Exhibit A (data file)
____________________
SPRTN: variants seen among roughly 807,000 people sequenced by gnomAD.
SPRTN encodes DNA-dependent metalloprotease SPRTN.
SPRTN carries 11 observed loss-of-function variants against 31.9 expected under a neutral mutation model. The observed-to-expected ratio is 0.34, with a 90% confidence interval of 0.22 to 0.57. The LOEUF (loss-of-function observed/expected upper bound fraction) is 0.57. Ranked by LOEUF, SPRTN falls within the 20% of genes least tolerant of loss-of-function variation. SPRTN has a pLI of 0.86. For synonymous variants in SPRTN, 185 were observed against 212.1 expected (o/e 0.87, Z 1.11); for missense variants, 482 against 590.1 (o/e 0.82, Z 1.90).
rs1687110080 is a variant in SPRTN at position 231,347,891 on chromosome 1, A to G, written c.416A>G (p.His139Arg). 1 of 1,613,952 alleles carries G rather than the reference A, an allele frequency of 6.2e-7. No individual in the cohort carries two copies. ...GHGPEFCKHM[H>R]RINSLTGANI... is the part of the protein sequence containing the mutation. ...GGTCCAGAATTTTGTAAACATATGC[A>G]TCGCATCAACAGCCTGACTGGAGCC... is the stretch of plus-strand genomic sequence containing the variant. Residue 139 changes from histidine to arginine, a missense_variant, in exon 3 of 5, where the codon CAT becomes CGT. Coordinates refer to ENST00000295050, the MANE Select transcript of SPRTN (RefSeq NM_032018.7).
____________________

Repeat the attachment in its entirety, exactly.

SPRTN: variants seen among roughly 807,000 people sequenced by gnomAD.
SPRTN encodes DNA-dependent metalloprotease SPRTN.
SPRTN carries 11 observed loss-of-function variants against 31.9 expected under a neutral mutation model. The observed-to-expected ratio is 0.34, with a 90% confidence interval of 0.22 to 0.57. The LOEUF (loss-of-function observed/expected upper bound fraction) is 0.57. Ranked by LOEUF, SPRTN falls within the 20% of genes least tolerant of loss-of-function variation. SPRTN has a pLI of 0.86. For synonymous variants in SPRTN, 185 were observed against 212.1 expected (o/e 0.87, Z 1.11); for missense variants, 482 against 590.1 (o/e 0.82, Z 1.90).
rs1687110080 is a variant in SPRTN at position 231,347,891 on chromosome 1, A to G, written c.416A>G (p.His139Arg). 1 of 1,613,952 alleles carries G rather than the reference A, an allele frequency of 6.2e-7. No individual in the cohort carries two copies. ...GHGPEFCKHM[H>R]RINSLTGANI... is the part of the protein sequence containing the mutation. ...GGTCCAGAATTTTGTAAACATATGC[A>G]TCGCATCAACAGCCTGACTGGAGCC... is the stretch of plus-strand genomic sequence containing the variant. Residue 139 changes from histidine to arginine, a missense_variant, in exon 3 of 5, where the codon CAT becomes CGT. Coordinates refer to ENST00000295050, the MANE Select transcript of SPRTN (RefSeq NM_032018.7).